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Arithmetic -- addition. Binary similar to decimal arithmetic. No carries. Carries. 1+1 is 2 (or 10 2 ), which results in a carry. Arithmetic -- subtraction. No borrows. Borrows. 0 - 1 results in a borrow Borrow makes it (10) 2 = (2) 10. Arithmetic -- multiplication.

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Arithmetic -- addition


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    1. Arithmetic -- addition • Binary similar to decimal arithmetic No carries Carries 1+1 is 2 (or 102), which results in a carry

    2. Arithmetic -- subtraction No borrows Borrows 0 - 1 results in a borrow Borrow makes it (10)2 =(2)10

    3. Arithmetic -- multiplication Successive additions of multiplicand or zero, multiplied by 2 (102). Note that multiplication by 102 just shifts bits left.

    4. Complements • Simply Subtraction (Subtraction by addition) • R’s Complement • In Binary 2’s complement • In Decimal 10’s complement • (R-1) Complement • In Binary 1’s complement • In Decimal 9’s Complement

    5. R, complement/2,s/10,s complement For a given positive no N in base r with integer part of n digits. The r,s complement of N is defined as rn-N for N not =0 and 0 forN=0 Example 10,s Complement of(52520) is 105-52520=47480 (0.3267)=(1-0.3267=0.6733 No integer so 100=1 2,s Complement of(101100)2= 26-(101100)2=010100 0.01101 = (1-0.0110)=0.1010

    6. (r-1),s, complement/1,s/9,s complement For a given positive no N in base r with integer part of n digits and a fraction part of m digits. The( r-1),s complement of N is defined as (rn – rm- N) Example 9,s Complement of(52520) is( 105-100- 52520)=47479 (0.3267)=(1- 10-4- 0.3267=0.6732 No integer so 100=1 1,s Complement of(101100)2= (26- 1)-(101100)2=010011 0.0110 = (1-2-4)- (0.0110)=( 0.1111-0.0110) = 0.1001

    7. DUALITY METHOD • 1,S COMPLEMENT OF (10111) • REPLACE 1 BY 0 & O BY 1 • (10111)= (01000) • 2,S COMPLEMENT • REPLACE BY 1,S COMPLEMENT +1 • (10111)=01000+1=01001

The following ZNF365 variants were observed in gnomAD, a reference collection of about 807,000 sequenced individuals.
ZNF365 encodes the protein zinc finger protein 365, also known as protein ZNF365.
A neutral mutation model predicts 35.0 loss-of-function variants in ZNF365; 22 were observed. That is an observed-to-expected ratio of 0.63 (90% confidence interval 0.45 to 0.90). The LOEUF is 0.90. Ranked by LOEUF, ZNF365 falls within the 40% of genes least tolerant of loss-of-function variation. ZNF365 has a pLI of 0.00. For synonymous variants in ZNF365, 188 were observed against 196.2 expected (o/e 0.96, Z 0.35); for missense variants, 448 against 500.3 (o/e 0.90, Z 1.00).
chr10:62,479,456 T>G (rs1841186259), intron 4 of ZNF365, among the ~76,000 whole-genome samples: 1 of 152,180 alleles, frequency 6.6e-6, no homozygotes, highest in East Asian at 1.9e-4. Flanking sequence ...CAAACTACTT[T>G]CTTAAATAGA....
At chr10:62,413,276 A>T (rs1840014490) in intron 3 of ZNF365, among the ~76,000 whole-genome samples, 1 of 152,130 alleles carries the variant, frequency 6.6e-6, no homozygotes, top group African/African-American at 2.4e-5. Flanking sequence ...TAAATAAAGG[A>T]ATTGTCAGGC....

8. Subtraction with r-Complement • M-N • Add the minuend, M to r’s complement of Subtrahend, N • M+ (rn -N)= M-N+ rn • If M GTE N then sum will produce end carry . Ignore it • If M LT N (No Carry) then take r’s complement of answer (Negative)

    9. Subtraction with r’s Complement • Using 10’s complement subtract 72532-03250 • Using 10’s complement subtract 03250 -72532 • Using 2’s complement subtract 1010100 -1000011 • Using 2’s complement subtract 1000011- 1010100

    10. Subtraction with r-1 Complement • Similar to r’s complement • But since r-1 complement is 1 less than r complement, Carry is added back to get the result • If no carry, result is negative1’s complement to get the answer • 1010100-1000011 • 1000000-1010100

    11. Signed Binary Numbers • Need notation for negative values • Everything must be represented by binary digits • Signed magnitude convention • Left most bit can be used • 0  Positive • 1  Negative • 01001 is +9 and 11001 is -9 (Not 25. Convention known in advance) • Signed Complement (Store negative as comps) • Signed 1’s complement (8 bits)11110110 • Signed 2’s complement (8 bits)11110111 • Signed Magnitude (8 bits) 10001001

    12. BCD • Binary Coded Decimal • Decimal digits stored in binary • Four bits/digit (Use 10 instead of 16) • Like hex, except stops at 9 • Example 931 is coded as 1001 0011 0001 • People understand decimal system better • Written differently but decimal value is same • Decimal 15 in BCD 0001 0101 in Binary it is 1111 Since most computers store data in eight-bit , bytes • Ignore 4 extra bits • one can store two digits per byte, called "packed" BCD

    13. BCD Addition • Since each digit is max 9 Sum will always be less than 19= 9+9+1(carry) • Two BCD digits are added as binary numbers • When binary sum is more than binary (1001)2, result is invalid (unlike Hex last 6 were ignored) • Addition of 6=(0110)2 make a correct BCD and produces a carry • Binary Sum carry and Decimal Carry differ by 16-10=6 • 4+5, 4+8, 8+9 • 184+576